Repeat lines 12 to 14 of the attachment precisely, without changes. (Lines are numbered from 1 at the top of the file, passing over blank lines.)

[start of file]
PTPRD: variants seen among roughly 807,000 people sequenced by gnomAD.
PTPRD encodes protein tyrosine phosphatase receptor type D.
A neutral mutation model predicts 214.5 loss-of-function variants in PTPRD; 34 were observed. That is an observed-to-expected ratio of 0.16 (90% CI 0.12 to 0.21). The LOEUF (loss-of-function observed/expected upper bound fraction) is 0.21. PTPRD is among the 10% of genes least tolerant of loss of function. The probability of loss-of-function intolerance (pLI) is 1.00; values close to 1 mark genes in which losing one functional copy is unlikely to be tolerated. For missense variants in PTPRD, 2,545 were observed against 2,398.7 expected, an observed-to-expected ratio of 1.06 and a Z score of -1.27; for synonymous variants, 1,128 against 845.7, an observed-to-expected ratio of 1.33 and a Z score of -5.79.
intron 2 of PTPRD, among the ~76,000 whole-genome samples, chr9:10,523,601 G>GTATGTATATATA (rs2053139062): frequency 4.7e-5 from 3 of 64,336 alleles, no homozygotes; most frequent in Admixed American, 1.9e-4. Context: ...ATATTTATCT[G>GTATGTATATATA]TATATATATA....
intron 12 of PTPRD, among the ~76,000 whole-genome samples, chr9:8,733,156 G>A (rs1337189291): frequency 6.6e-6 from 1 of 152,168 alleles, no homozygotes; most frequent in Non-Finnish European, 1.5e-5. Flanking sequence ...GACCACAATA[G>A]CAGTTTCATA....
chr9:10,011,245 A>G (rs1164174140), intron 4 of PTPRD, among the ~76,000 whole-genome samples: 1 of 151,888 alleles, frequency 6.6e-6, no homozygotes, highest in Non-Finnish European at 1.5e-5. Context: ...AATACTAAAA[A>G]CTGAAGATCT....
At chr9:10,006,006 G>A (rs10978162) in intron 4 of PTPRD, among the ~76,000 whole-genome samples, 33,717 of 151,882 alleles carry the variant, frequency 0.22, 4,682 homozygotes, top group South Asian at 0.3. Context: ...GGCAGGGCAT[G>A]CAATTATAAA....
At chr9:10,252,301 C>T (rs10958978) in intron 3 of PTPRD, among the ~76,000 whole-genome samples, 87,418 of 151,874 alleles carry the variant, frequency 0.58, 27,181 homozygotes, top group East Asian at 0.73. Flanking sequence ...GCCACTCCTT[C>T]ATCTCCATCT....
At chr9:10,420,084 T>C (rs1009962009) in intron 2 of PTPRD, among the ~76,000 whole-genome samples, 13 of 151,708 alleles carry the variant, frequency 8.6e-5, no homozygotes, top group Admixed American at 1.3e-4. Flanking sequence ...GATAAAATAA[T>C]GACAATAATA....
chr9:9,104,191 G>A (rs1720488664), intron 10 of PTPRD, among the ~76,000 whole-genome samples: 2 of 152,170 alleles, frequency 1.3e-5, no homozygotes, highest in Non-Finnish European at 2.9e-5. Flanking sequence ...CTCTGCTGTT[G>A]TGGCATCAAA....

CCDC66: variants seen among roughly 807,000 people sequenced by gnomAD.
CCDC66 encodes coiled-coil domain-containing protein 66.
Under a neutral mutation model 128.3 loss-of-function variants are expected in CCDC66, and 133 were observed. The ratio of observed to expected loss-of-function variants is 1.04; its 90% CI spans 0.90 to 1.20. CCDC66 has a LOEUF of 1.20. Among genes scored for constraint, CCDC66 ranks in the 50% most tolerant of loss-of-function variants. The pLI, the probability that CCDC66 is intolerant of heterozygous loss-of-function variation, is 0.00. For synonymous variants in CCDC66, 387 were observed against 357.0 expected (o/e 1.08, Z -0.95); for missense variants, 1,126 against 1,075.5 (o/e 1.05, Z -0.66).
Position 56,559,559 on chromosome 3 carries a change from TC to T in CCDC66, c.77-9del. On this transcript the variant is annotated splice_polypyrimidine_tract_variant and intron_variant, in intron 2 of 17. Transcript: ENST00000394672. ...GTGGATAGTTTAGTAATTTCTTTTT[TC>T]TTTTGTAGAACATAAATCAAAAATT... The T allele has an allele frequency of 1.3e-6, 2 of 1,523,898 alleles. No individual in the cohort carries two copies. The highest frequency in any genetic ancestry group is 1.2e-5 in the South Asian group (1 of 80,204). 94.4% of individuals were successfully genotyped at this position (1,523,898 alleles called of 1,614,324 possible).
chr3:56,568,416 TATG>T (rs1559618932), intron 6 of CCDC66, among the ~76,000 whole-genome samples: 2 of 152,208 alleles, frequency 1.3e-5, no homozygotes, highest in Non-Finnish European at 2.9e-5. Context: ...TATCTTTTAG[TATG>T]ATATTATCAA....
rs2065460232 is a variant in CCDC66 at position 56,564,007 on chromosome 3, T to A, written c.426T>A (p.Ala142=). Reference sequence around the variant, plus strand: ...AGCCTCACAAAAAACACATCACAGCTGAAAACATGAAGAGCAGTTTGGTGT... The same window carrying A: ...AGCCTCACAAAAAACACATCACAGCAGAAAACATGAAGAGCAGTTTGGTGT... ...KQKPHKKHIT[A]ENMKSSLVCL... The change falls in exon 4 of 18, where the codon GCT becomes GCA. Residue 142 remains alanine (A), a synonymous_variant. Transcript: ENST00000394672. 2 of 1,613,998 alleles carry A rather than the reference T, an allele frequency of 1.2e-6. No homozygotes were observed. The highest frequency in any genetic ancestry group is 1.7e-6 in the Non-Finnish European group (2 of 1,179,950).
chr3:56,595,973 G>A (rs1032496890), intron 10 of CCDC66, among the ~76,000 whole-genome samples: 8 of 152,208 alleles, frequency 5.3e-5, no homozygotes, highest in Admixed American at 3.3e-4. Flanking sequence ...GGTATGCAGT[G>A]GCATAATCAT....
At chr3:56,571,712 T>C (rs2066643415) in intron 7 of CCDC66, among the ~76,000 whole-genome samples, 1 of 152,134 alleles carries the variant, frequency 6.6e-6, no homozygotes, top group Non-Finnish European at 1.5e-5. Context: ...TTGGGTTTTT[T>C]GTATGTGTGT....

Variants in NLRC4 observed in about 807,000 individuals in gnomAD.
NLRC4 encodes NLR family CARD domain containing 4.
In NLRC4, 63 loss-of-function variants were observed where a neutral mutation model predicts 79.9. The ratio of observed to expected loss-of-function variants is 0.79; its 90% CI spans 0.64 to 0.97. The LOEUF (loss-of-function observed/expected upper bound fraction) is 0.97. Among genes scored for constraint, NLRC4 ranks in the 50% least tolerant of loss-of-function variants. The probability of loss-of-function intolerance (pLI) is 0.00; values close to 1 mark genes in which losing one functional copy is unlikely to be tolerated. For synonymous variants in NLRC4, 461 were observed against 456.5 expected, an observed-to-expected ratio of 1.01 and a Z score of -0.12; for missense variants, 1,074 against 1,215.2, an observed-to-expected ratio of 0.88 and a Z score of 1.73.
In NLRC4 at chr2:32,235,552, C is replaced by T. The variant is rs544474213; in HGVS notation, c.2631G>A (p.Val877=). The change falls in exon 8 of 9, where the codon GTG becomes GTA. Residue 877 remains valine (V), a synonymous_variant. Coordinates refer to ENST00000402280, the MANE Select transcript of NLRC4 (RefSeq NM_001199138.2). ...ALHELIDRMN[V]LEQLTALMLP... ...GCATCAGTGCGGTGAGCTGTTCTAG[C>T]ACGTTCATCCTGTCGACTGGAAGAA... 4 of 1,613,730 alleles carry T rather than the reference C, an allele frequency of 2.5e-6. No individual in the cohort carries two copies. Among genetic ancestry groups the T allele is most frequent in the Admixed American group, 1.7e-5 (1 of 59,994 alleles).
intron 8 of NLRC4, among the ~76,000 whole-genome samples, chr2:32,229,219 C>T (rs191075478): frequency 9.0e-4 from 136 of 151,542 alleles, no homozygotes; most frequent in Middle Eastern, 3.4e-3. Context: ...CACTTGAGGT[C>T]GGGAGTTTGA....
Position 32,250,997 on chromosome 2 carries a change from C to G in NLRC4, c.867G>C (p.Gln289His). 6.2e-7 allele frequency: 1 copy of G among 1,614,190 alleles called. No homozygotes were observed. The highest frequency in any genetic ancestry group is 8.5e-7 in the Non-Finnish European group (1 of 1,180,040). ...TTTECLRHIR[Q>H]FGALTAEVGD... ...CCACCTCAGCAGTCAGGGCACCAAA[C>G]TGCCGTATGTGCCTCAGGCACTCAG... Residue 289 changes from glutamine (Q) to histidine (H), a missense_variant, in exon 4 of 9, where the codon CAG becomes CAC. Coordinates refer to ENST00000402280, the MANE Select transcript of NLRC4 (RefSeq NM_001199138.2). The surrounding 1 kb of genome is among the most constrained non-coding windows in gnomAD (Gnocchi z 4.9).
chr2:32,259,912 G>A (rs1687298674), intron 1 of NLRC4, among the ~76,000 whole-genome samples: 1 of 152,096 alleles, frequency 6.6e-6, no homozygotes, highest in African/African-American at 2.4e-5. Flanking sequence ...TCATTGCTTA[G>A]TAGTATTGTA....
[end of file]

CCDC66 encodes coiled-coil domain-containing protein 66.
Under a neutral mutation model 128.3 loss-of-function variants are expected in CCDC66, and 133 were observed. The ratio of observed to expected loss-of-function variants is 1.04; its 90% CI spans 0.90 to 1.20. CCDC66 has a LOEUF of 1.20. Among genes scored for constraint, CCDC66 ranks in the 50% most tolerant of loss-of-function variants. The pLI, the probability that CCDC66 is intolerant of heterozygous loss-of-function variation, is 0.00. For synonymous variants in CCDC66, 387 were observed against 357.0 expected (o/e 1.08, Z -0.95); for missense variants, 1,126 against 1,075.5 (o/e 1.05, Z -0.66).
Position 56,559,559 on chromosome 3 carries a change from TC to T in CCDC66, c.77-9del. On this transcript the variant is annotated splice_polypyrimidine_tract_variant and intron_variant, in intron 2 of 17. Transcript: ENST00000394672. ...GTGGATAGTTTAGTAATTTCTTTTT[TC>T]TTTTGTAGAACATAAATCAAAAATT... The T allele has an allele frequency of 1.3e-6, 2 of 1,523,898 alleles. No individual in the cohort carries two copies. The highest frequency in any genetic ancestry group is 1.2e-5 in the South Asian group (1 of 80,204). 94.4% of individuals were successfully genotyped at this position (1,523,898 alleles called of 1,614,324 possible).